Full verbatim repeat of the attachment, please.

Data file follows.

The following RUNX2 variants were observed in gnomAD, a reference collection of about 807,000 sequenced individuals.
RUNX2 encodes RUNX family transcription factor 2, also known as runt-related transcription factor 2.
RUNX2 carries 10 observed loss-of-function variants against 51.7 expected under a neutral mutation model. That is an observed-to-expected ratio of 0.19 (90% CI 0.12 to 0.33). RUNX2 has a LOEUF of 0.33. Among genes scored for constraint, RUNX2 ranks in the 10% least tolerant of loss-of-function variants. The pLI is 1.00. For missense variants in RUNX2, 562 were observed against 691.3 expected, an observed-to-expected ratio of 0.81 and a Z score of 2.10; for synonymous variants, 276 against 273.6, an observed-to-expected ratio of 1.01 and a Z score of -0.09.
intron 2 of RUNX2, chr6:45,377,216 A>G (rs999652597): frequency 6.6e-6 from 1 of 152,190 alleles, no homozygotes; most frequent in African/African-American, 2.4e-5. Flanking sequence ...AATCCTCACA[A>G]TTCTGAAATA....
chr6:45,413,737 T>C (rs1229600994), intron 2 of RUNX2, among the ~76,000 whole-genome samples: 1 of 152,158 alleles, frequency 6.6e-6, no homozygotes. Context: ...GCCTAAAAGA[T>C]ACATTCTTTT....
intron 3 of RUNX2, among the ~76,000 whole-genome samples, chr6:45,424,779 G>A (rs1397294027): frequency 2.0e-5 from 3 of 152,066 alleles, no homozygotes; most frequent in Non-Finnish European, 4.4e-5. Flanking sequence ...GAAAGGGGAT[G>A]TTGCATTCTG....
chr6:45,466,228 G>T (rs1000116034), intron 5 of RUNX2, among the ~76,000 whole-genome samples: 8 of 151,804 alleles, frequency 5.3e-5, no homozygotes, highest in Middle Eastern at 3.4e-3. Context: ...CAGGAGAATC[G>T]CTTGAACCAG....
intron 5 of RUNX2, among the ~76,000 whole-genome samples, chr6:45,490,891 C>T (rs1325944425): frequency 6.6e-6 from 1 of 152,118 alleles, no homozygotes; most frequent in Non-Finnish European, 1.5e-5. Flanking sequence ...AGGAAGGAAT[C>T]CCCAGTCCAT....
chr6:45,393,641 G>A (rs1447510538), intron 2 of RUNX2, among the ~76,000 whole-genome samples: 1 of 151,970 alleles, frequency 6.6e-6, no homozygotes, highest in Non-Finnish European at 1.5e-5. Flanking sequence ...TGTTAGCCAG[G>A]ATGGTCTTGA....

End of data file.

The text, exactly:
The following RUNX2 variants were observed in gnomAD, a reference collection of about 807,000 sequenced individuals.
RUNX2 encodes RUNX family transcription factor 2, also known as runt-related transcription factor 2.
RUNX2 carries 10 observed loss-of-function variants against 51.7 expected under a neutral mutation model. That is an observed-to-expected ratio of 0.19 (90% CI 0.12 to 0.33). RUNX2 has a LOEUF of 0.33. Among genes scored for constraint, RUNX2 ranks in the 10% least tolerant of loss-of-function variants. The pLI is 1.00. For missense variants in RUNX2, 562 were observed against 691.3 expected, an observed-to-expected ratio of 0.81 and a Z score of 2.10; for synonymous variants, 276 against 273.6, an observed-to-expected ratio of 1.01 and a Z score of -0.09.
intron 2 of RUNX2, chr6:45,377,216 A>G (rs999652597): frequency 6.6e-6 from 1 of 152,190 alleles, no homozygotes; most frequent in African/African-American, 2.4e-5. Flanking sequence ...AATCCTCACA[A>G]TTCTGAAATA....
chr6:45,413,737 T>C (rs1229600994), intron 2 of RUNX2, among the ~76,000 whole-genome samples: 1 of 152,158 alleles, frequency 6.6e-6, no homozygotes. Context: ...GCCTAAAAGA[T>C]ACATTCTTTT....
intron 3 of RUNX2, among the ~76,000 whole-genome samples, chr6:45,424,779 G>A (rs1397294027): frequency 2.0e-5 from 3 of 152,066 alleles, no homozygotes; most frequent in Non-Finnish European, 4.4e-5. Flanking sequence ...GAAAGGGGAT[G>A]TTGCATTCTG....
chr6:45,466,228 G>T (rs1000116034), intron 5 of RUNX2, among the ~76,000 whole-genome samples: 8 of 151,804 alleles, frequency 5.3e-5, no homozygotes, highest in Middle Eastern at 3.4e-3. Context: ...CAGGAGAATC[G>T]CTTGAACCAG....
intron 5 of RUNX2, among the ~76,000 whole-genome samples, chr6:45,490,891 C>T (rs1325944425): frequency 6.6e-6 from 1 of 152,118 alleles, no homozygotes; most frequent in Non-Finnish European, 1.5e-5. Flanking sequence ...AGGAAGGAAT[C>T]CCCAGTCCAT....
chr6:45,393,641 G>A (rs1447510538), intron 2 of RUNX2, among the ~76,000 whole-genome samples: 1 of 151,970 alleles, frequency 6.6e-6, no homozygotes, highest in Non-Finnish European at 1.5e-5. Flanking sequence ...TGTTAGCCAG[G>A]ATGGTCTTGA....